Saturday, December 09, 2006

The Beauty And The Ice...

Click on the photos to enlarge - © 2006 jim otterstrom
Lakeside Decembers
December tilts toward the longest night
as ice and wind transform fluid surfaces
into fancy heaps of shattered crystal
where, upon the shore
slumbering 'neath the frozen bones of summer's garden
seminal marrow lies, dreaming
in rhythms slowed by time and place
of warmth, and song
of birds and bees
and butterflies
© 2006 - jim otterstrom
This morning, Peggy, Dallas, and I, were out walking by the marsh where we were treated to this very cool (indeed) early winter ice display.
The temperatures have been up and down for several days causing the lake to freeze and thaw.
What you see in the first three pictures is the result of a thin layer of ice being windblown to the eastern shores of the marsh where it piled up and re-froze.
The bottom one was taken in a sheltered area, out of the wind.
There's snow forecast here for tonight, tomorrow morning, and next weekend too, so I'm off to clean out the raingutters again and put some things away.
addendum (a), December 13th, 2006
The above poem has been edited at least 20 times since I posted it and it's probably not finished yet.
I may just delete it.
I'm never happy with my poetry but I keep trying to write it anyway.
There's something about writing poetry that I simply don't get.
It seems to me that it's not what you put in a poem, but what you leave out, that gives it wings.
Mine usually fly like like lead balloons.
I was hoping for some comments, tips, or criticism on this one, but all eleven commentors politely avoided the poem.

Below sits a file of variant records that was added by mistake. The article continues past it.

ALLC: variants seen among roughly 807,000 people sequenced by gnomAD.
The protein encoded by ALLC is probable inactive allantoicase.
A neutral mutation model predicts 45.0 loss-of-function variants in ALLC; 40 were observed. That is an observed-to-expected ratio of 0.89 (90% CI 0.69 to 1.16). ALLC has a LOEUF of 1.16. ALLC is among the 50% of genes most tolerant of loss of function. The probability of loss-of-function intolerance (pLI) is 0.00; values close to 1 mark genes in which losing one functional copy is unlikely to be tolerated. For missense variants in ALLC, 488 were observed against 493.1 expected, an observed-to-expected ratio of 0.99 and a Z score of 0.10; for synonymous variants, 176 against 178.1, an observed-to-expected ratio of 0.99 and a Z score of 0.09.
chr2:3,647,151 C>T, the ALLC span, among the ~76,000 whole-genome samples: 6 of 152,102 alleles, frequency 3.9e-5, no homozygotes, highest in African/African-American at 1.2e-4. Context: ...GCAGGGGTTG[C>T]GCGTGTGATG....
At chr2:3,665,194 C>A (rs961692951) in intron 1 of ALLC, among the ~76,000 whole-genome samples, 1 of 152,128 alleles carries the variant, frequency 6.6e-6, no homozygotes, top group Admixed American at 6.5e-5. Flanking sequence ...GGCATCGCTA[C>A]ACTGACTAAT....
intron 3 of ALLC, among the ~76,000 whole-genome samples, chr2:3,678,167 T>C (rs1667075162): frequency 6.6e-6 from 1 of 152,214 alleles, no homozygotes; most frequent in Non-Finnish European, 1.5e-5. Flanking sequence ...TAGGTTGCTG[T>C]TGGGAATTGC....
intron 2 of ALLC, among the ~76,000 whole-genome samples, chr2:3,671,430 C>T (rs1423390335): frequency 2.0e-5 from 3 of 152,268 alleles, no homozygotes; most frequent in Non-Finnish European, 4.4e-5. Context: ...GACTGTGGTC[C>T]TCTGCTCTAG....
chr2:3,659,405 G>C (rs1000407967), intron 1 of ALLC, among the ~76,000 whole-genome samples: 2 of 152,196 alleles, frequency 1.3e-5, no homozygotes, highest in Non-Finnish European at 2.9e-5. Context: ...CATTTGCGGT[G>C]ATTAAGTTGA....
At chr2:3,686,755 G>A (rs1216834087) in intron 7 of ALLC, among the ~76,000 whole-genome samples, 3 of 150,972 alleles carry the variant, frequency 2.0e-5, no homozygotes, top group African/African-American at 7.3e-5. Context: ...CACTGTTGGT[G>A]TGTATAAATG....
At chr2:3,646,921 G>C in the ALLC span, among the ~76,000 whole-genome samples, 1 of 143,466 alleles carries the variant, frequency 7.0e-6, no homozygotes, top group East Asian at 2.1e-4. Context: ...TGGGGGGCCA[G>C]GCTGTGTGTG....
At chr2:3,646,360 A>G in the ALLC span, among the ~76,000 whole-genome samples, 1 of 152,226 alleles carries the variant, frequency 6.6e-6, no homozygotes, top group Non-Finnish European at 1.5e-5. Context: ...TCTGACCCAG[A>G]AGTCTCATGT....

addendum (b) January 1st, 2007
Thank you for your thoughts and observations and I have edited one more time to smooth the flow of words, and to try and clarify meaning. By the way, it's not minnows dreaming, but seminal, as in seed, and marrow, as in bone. I assume the minnows are still swimming and eating in their cold liquid depths.

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Blogger SimplyTim said...

One of my favorite early morning sounds in the tinkling coming from wind and shore ice and water playing together.
Delicate and often unexpected.

2:28 PM  
Blogger clairesgarden said...

love the photographs of the ice. fabulous patterns in nature.
we havent had any snow here yet. I wonder if we'll have a 'white christmas' or if it will just keep on raining.

2:33 PM  
Blogger BurdockBoy said...

Like simplytim I love the sound of the waves playing with the ice. Today we sat by the lake listening to the tinkling ice.

I love the photos on your blog. Thanks.

3:38 PM  
Blogger dragonfly183 said...

you know, I have never heard that tinkling sound. Sigh. The pictures are really beautiful

7:27 AM  
Blogger Cheryl said...

Beautiful photos!

9:53 AM  
Blogger stella said...

that is absolutely gorgeous!

4:37 PM  
Blogger Tree said...

So beautiful!! The second photo reminds me of a Modernist painting, maybe Cubist or by a Russian :-)

5:47 AM  
Blogger Madcap said...